The Long Island Go Club (LIGC)

© 2009 Milton N. Bradley


Founded 1976

A Chapter of The American Go Association



7:30 - 10 P.M.

(Arrive and/or leave early or late, as suits your own schedule.)

In The Starbucks Coffee Shop

At The

BARNES & NOBLE Bookstore

350 Rt 110

Huntington Station, NY 11746

(631) 421-9886

Please use this number for directions only!

For all other information about the LIGC, email Milton N. Bradley

Beginners, Visitors, Spectators Welcome.

No Dues Or Fees!




Here Are Some Photos Taken At Our Weekly Meetings.

Mike Lin, 2D

Nairn Baik, 2D

Saul Lapidus, 1D

Hailong (Hayden) Huang, 1D

Clayton Wilkie, 1D

Milt Bradley, 1D

Randy Bradley, 1D

Nathan Borggren, 1K

Eric Wong, 1K

Andy Segal, 3K

Dennis Grossman, 4K

Jile Gao, 5K

Erik Van Riper, 6K

Dana Emery, 6K

Bryan Barash, 6K

Carrie Lapidus, 6K

Joshua Lau, 6K

Tom Meli, 8K

Adam Connell, 9K

Kenny Lewis, 9K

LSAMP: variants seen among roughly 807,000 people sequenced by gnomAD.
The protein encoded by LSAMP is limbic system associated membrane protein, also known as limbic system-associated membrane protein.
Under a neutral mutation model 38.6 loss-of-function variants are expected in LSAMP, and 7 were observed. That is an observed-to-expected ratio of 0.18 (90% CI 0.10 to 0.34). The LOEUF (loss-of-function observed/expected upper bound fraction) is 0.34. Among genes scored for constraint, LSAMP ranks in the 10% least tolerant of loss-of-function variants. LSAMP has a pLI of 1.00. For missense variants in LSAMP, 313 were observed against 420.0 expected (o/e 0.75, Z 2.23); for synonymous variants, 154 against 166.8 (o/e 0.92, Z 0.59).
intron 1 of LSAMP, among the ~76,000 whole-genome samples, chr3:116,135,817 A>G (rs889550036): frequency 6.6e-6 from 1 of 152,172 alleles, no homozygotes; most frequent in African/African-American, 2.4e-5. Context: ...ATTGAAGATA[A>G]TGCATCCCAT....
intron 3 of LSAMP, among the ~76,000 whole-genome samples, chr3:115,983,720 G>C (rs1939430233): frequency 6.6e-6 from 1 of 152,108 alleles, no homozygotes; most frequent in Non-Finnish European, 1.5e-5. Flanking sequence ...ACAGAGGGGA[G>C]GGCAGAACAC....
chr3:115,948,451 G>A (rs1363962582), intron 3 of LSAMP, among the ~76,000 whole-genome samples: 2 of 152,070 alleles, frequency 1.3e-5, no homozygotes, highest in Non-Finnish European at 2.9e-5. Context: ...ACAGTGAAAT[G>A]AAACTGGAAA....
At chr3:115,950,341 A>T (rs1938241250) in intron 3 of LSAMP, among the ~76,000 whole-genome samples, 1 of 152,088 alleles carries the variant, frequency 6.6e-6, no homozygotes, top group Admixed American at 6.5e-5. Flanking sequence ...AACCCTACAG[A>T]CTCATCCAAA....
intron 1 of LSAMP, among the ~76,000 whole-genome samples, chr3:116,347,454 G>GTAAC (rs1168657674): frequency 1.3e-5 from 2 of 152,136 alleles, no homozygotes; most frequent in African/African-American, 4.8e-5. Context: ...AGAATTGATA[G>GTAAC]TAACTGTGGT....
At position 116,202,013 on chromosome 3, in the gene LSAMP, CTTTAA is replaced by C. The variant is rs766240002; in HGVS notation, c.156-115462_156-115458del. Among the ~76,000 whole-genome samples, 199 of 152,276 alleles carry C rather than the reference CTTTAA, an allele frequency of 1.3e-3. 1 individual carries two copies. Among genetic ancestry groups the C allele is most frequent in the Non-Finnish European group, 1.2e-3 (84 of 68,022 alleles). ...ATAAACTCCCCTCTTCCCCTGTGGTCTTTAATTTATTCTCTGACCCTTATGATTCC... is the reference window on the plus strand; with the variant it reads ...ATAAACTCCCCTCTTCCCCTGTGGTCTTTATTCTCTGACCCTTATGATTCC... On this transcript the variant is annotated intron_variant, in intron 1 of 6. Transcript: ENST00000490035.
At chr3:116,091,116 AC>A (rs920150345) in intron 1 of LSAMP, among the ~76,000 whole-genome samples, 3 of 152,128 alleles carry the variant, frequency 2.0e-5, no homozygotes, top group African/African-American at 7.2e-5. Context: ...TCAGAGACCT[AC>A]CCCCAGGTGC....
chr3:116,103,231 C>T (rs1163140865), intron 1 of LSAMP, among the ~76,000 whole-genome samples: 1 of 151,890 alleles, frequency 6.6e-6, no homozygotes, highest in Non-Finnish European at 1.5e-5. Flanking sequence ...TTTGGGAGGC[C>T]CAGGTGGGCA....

Josh Thompson, 9K

Patrick Kelley, 11K

Rory Bennett, 12K

Ken Brown, 14K

Frank Hall, 14K

Steve Link, 14K

Jack Zar, 15K

Zach Aal, 15K

Brendan Wood, 15K

Jonathan Pu, 15K

Mike Petralia, 17k

Michael Kenny, 17K

TJ Liu, 18K

David Levy, 19K

Iris Lin, 20K

Corwin Kiestler, 21K

Barbara Huang, 21K

Sam Rock, 22K

Joanne Huang, 25K

Joe Adams, 27K

Steven Pu, 27K

Arjun Dorde, 30k

David Li, Beginner

Todd Dickerson, Beginner

Sam Peng, Beginner

Matthew Zegilla, Beginner

Jeff Rigueur, Beginner

Joshua Rigueur, Beginner

Darla Dodenhoff, Beginner

Ryan Glantz, Beginner

Neil Dodenhoff, Beginner

Kathleen Kelley, Beginner

Ashley Winckel, Beginner

Matt Richmond, Beginner

Andrea Richmond, Beginner

Susan Tsai, Beginner

Rubi Passen, Beginner

Christopher Adams, Beginner

Sheila Casey, Beginner

Matthew Glodowski, Beginner

Aziz Huq, Beginner

Zahin Huq, Beginner

Reggie Alexandre, Beginner

Brett Hebert, Beginner

Bob Sohne, Beginner

Raheema Kakar, Beginner

Jack Mok, Beginner

Club History

Immediately upon completing my family's relocation from New York City to suburban Long Island in January 1976, I began a search for Go opponents in the local area. The membership of the American Go Association revealed less than a half dozen among the over 2 million residents of Long Island, and, as later events revealed, I was never able to get more than one or two of even these select few to come together to play Go.